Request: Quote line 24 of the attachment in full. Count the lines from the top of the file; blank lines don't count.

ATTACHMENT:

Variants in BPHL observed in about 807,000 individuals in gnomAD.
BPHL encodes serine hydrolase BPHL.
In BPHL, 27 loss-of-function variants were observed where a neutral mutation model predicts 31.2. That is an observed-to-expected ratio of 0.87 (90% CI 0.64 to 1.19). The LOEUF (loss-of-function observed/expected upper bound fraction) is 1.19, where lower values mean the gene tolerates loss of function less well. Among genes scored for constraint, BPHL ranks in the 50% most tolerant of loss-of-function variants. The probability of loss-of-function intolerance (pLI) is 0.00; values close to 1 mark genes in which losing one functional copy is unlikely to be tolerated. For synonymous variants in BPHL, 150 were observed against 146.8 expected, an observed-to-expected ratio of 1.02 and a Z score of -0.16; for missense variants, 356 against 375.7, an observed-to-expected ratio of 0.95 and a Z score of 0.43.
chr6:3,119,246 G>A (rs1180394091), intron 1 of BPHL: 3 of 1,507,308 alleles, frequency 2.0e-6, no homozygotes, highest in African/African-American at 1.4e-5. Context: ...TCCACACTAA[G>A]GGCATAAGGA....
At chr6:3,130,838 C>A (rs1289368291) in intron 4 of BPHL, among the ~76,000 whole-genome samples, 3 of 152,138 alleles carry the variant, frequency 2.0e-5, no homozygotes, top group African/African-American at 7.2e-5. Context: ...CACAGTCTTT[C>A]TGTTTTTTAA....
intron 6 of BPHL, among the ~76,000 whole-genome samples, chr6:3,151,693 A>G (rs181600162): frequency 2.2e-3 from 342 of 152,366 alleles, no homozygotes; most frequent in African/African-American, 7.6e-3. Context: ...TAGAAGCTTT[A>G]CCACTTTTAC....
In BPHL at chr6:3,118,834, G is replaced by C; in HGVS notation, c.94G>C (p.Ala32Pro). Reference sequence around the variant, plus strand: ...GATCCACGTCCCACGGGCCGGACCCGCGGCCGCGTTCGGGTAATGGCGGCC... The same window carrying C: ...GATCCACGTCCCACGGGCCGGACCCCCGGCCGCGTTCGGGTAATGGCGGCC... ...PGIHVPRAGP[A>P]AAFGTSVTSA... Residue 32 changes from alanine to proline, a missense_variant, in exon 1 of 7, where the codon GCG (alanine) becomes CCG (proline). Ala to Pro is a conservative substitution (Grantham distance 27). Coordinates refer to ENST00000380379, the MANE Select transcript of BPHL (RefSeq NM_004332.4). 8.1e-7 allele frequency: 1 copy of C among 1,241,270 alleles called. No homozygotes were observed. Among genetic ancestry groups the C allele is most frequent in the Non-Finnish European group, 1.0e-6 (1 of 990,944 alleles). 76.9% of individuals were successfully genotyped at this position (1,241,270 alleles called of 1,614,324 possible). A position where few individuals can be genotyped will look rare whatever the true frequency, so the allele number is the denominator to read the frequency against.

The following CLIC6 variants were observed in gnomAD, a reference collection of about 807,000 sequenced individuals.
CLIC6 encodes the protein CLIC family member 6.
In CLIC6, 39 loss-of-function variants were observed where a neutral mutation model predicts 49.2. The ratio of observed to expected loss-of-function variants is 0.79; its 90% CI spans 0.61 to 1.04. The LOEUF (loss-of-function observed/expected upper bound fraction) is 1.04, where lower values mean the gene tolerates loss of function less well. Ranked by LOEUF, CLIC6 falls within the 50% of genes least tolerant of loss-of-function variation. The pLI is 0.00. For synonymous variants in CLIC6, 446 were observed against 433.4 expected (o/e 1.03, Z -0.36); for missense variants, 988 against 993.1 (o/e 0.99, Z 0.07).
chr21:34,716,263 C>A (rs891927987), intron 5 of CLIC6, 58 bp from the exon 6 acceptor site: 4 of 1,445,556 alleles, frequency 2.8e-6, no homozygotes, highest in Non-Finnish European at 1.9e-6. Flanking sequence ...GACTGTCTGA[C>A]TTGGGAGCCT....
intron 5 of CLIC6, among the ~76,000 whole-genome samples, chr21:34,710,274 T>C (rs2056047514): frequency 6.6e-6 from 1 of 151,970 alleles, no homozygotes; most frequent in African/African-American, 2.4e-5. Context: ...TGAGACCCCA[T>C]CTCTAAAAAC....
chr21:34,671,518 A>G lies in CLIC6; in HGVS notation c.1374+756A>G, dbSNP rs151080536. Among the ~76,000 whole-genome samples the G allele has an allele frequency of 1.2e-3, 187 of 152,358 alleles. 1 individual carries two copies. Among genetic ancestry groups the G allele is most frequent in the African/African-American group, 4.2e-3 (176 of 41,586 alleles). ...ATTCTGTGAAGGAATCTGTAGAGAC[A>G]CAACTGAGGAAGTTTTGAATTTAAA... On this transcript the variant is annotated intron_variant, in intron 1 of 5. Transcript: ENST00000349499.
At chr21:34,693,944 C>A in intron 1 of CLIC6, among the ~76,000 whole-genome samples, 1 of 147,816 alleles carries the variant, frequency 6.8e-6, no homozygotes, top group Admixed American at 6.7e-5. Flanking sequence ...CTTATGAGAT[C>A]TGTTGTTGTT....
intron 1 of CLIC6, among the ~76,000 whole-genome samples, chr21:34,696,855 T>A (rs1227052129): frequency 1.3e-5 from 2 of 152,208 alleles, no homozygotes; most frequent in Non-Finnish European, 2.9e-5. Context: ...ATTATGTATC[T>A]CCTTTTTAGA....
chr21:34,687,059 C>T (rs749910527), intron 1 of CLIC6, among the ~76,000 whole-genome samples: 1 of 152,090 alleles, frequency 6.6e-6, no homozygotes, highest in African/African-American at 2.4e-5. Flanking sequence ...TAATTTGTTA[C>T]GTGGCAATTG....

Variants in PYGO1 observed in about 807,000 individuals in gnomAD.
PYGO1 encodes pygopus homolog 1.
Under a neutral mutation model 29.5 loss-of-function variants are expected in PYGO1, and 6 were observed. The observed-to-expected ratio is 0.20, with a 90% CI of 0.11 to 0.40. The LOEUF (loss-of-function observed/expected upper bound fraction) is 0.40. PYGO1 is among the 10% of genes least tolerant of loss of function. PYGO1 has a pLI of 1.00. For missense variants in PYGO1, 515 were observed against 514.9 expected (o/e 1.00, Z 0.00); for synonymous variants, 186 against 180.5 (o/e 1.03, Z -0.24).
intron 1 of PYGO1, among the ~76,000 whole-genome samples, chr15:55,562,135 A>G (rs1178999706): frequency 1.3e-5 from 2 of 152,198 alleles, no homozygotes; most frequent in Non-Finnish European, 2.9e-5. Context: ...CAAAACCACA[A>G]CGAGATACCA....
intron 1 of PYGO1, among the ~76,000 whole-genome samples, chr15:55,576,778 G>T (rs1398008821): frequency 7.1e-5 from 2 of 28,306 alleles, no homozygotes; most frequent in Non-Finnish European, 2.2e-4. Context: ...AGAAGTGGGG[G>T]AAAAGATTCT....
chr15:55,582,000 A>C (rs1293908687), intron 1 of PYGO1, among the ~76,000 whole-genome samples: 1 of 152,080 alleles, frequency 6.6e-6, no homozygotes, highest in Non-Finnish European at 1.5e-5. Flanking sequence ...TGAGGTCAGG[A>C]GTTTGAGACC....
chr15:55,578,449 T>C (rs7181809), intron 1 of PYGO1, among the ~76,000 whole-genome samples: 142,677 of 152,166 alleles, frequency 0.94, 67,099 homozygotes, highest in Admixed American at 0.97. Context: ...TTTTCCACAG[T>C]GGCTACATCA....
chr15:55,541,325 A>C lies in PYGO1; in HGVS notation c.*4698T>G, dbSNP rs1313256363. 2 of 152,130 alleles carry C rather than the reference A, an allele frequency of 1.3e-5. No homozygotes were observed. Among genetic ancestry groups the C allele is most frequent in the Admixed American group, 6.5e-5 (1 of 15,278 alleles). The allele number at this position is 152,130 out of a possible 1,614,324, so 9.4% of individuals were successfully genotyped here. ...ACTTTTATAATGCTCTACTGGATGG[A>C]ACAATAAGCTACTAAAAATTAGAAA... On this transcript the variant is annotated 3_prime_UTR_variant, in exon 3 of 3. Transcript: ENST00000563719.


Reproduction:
chr15:55,541,325 A>C lies in PYGO1; in HGVS notation c.*4698T>G, dbSNP rs1313256363. 2 of 152,130 alleles carry C rather than the reference A, an allele frequency of 1.3e-5. No homozygotes were observed. Among genetic ancestry groups the C allele is most frequent in the Admixed American group, 6.5e-5 (1 of 15,278 alleles). The allele number at this position is 152,130 out of a possible 1,614,324, so 9.4% of individuals were successfully genotyped here. ...ACTTTTATAATGCTCTACTGGATGG[A>C]ACAATAAGCTACTAAAAATTAGAAA... On this transcript the variant is annotated 3_prime_UTR_variant, in exon 3 of 3. Transcript: ENST00000563719.